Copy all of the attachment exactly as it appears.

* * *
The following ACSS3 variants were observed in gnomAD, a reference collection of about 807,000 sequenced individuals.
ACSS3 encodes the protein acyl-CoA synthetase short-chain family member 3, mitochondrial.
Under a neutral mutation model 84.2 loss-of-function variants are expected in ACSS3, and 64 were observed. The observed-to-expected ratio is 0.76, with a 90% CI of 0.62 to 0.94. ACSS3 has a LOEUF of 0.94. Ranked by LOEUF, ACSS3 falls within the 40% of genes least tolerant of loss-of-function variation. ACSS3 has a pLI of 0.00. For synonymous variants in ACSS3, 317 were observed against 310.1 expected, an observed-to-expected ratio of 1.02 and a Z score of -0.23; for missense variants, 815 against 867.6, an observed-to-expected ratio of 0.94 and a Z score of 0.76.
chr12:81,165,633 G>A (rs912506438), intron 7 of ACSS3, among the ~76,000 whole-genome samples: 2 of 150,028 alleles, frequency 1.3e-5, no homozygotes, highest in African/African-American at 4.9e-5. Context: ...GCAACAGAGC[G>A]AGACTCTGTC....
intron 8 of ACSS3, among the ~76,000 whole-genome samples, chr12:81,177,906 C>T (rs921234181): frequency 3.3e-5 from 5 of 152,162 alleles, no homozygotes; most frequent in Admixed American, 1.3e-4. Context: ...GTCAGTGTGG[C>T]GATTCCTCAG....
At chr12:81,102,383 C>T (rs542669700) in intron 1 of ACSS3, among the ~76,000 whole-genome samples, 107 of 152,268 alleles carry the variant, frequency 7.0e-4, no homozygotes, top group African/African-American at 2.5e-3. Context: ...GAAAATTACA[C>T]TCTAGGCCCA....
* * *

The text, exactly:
The following ACSS3 variants were observed in gnomAD, a reference collection of about 807,000 sequenced individuals.
ACSS3 encodes the protein acyl-CoA synthetase short-chain family member 3, mitochondrial.
Under a neutral mutation model 84.2 loss-of-function variants are expected in ACSS3, and 64 were observed. The observed-to-expected ratio is 0.76, with a 90% CI of 0.62 to 0.94. ACSS3 has a LOEUF of 0.94. Ranked by LOEUF, ACSS3 falls within the 40% of genes least tolerant of loss-of-function variation. ACSS3 has a pLI of 0.00. For synonymous variants in ACSS3, 317 were observed against 310.1 expected, an observed-to-expected ratio of 1.02 and a Z score of -0.23; for missense variants, 815 against 867.6, an observed-to-expected ratio of 0.94 and a Z score of 0.76.
chr12:81,165,633 G>A (rs912506438), intron 7 of ACSS3, among the ~76,000 whole-genome samples: 2 of 150,028 alleles, frequency 1.3e-5, no homozygotes, highest in African/African-American at 4.9e-5. Context: ...GCAACAGAGC[G>A]AGACTCTGTC....
intron 8 of ACSS3, among the ~76,000 whole-genome samples, chr12:81,177,906 C>T (rs921234181): frequency 3.3e-5 from 5 of 152,162 alleles, no homozygotes; most frequent in Admixed American, 1.3e-4. Context: ...GTCAGTGTGG[C>T]GATTCCTCAG....
At chr12:81,102,383 C>T (rs542669700) in intron 1 of ACSS3, among the ~76,000 whole-genome samples, 107 of 152,268 alleles carry the variant, frequency 7.0e-4, no homozygotes, top group African/African-American at 2.5e-3. Context: ...GAAAATTACA[C>T]TCTAGGCCCA....